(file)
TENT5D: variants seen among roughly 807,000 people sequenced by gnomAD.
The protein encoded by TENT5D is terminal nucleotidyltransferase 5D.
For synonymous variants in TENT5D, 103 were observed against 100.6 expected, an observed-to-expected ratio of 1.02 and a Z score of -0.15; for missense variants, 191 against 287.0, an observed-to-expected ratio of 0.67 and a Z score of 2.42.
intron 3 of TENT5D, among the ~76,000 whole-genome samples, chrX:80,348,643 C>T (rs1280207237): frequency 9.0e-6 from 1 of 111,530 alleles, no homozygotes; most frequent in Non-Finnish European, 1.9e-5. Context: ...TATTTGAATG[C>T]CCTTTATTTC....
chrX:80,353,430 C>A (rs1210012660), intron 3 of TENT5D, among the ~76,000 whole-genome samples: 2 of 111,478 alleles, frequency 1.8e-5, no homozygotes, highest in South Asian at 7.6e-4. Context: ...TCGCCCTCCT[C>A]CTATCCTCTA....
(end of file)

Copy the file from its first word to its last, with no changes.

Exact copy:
TENT5D: variants seen among roughly 807,000 people sequenced by gnomAD.
The protein encoded by TENT5D is terminal nucleotidyltransferase 5D.
For synonymous variants in TENT5D, 103 were observed against 100.6 expected, an observed-to-expected ratio of 1.02 and a Z score of -0.15; for missense variants, 191 against 287.0, an observed-to-expected ratio of 0.67 and a Z score of 2.42.
intron 3 of TENT5D, among the ~76,000 whole-genome samples, chrX:80,348,643 C>T (rs1280207237): frequency 9.0e-6 from 1 of 111,530 alleles, no homozygotes; most frequent in Non-Finnish European, 1.9e-5. Context: ...TATTTGAATG[C>T]CCTTTATTTC....
chrX:80,353,430 C>A (rs1210012660), intron 3 of TENT5D, among the ~76,000 whole-genome samples: 2 of 111,478 alleles, frequency 1.8e-5, no homozygotes, highest in South Asian at 7.6e-4. Context: ...TCGCCCTCCT[C>A]CTATCCTCTA....